Google has acquired the podcast app 60dB, which was founded by former Netflix execs. The transaction should help Google boost its podcast efforts.
Like television, radio used to be characterized by a show schedule that kept the audience tethered to certain occasions. These days, however, if you want quality radio content it’s usually available as a podcast.
Instead of broadcasters trying to make their content appeal to a wide audience, these days, the audience can seek out whatever they desire to hear at any time..#Google acquires #60dB to position itself on the podcast market.Click To Tweet
Podcasting allows professional and even amateur broadcasters to easily distribute their content to the entire world. Thanks to the cloud, it’s almost always available. Storing all of your favorite music is a thing of the past.
Producers, the audience, and advertisers en mass have supported the evolution of the podcast, but there is perhaps no single entity more responsible for the rise of the podcast than Apple.
Apple Kickstarted the Podcast Genre
Podcasts wouldn’t be the same without Apple. Even the name, podcast, is derived from its primary medium of delivery being the iPod back in the day.
In 2005, Apple helped nascent podcasting go mainstream by proposing its digital music software (via the iTunes 4.9 update) that gave the podcasting community a central platform for discovering, managing and sharing their broadcasts with hundreds of millions of users.
Since then, the podcast industry has become a market large enough to enable the emergence of new tools and attract new players.#iOSPodcasts handles the distribution of 65% of all #podcastsClick To Tweet
Apple, which back then was already “coming back” and the iPhone was still two years away, also has changed, though it still dominates the podcast market.
Podcasters bemoan the lack of analytics (especially audience statistics) and the lack of transparency as to the criteria for promoting podcasts on the Apple Podcasts platform.
Apple’s “small” podcast team is now facing rising competition from other players, such as Google and Spotify, who would be more than happy to take over the market share.
Google Acquires 60dB to Position Itself on the Podcast Scene
The 60dB app was launched in January 2016 by John Ciancutti and Steve McLendon, two Netflix ex-executives and Steve Henn, a radio journalist.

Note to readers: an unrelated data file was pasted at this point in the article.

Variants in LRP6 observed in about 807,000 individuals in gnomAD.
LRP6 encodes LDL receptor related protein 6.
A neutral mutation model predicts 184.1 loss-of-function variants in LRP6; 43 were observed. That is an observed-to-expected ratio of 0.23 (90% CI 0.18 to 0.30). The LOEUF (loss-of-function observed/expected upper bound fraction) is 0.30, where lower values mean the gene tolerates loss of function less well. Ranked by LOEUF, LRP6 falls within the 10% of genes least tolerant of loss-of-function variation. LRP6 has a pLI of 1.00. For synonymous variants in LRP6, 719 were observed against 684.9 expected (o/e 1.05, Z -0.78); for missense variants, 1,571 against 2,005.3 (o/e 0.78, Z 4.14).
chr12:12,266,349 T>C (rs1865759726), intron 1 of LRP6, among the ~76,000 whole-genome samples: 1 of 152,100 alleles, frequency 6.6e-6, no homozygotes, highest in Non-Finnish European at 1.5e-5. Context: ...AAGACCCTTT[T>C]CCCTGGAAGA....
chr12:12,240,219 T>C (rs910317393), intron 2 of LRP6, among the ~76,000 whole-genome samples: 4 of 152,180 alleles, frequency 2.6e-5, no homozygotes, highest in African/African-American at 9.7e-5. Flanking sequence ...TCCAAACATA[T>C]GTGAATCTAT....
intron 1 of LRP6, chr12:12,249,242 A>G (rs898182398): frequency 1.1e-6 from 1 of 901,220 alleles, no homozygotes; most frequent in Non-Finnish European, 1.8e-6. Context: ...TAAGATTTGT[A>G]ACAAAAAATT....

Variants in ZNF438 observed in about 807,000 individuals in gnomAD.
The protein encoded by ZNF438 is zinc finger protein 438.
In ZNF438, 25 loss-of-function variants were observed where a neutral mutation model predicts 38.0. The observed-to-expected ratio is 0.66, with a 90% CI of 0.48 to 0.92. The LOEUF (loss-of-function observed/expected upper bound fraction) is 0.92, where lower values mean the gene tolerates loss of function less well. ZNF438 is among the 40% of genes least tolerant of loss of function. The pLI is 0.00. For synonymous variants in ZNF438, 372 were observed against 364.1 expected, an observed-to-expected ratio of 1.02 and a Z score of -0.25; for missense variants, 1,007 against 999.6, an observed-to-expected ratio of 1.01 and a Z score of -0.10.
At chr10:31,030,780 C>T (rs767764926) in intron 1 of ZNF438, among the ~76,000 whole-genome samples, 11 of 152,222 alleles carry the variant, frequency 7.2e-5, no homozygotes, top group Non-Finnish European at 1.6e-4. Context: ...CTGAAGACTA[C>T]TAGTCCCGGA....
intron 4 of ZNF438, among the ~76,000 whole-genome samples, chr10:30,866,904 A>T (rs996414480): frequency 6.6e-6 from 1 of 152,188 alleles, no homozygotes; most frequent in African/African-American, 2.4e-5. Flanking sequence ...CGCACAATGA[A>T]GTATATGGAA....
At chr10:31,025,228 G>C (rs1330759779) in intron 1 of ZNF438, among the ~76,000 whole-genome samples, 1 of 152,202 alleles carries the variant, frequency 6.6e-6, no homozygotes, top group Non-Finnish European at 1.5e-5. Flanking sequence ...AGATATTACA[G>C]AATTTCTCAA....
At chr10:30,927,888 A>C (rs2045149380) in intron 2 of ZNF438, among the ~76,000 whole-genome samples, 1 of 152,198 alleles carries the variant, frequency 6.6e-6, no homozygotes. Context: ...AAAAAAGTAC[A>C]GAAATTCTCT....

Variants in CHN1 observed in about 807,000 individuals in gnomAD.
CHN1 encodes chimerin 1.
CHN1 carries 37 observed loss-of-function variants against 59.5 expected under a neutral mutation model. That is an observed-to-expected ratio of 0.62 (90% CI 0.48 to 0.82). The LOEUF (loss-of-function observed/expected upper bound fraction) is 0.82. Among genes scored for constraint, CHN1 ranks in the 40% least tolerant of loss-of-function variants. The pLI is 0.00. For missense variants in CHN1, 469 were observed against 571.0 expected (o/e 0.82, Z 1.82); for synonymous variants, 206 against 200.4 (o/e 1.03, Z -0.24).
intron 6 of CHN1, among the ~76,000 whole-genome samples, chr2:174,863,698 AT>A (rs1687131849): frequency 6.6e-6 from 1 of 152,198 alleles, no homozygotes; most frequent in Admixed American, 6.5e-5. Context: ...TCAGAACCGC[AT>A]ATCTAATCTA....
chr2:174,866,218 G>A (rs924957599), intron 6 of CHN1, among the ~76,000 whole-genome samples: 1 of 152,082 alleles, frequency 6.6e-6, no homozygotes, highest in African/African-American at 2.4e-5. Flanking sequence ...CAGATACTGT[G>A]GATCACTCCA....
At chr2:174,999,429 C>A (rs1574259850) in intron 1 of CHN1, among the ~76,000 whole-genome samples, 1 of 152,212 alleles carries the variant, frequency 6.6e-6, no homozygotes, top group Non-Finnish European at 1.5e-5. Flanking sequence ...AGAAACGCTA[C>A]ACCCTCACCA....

The 60dB is a short-form podcast app that allows the streaming of customized playlists composed of shorter audio formats produced by dozens of media partners.
The radio service (made available on iOS then Android, and later on Amazon’s Echo) specializes in personalized audio content (from news and entertainment to sports and business) which, similarly to podcasting, fits niches of free time during the day.
Last month, in a Medium farewell post, the three co-founders revealed that Google has formalized the acquisition of 60dB:
“Today, we’re announcing we’ll be shutting down 60dB on Friday, November 10th, and we’ll be joining the team at Google. As we considered next steps for 60dB, we came to the conclusion that to accomplish our goals we’d be better positioned if we joined someone with scale who shared our vision for what was possible with digital audio.”
The deal sum and terms have not been disclosed. Google said that it’s not a formal acquisition, that it has only purchased some assets, and that the 60db team will be joining the well-known Mountain View, California company in new roles.
It is not entirely clear how Google intends to exploit the technology and team expertise of 60dB, but the acquisition should help it secure a chunk of the podcast market.
Per Edison Research’s latest report, in 2017, 40% of Americans (age 12 and older) said they have listened to a podcast at some point (up by 11 points from last year), and more than half of the total US population (53%, 140 million) listen to online radio weekly.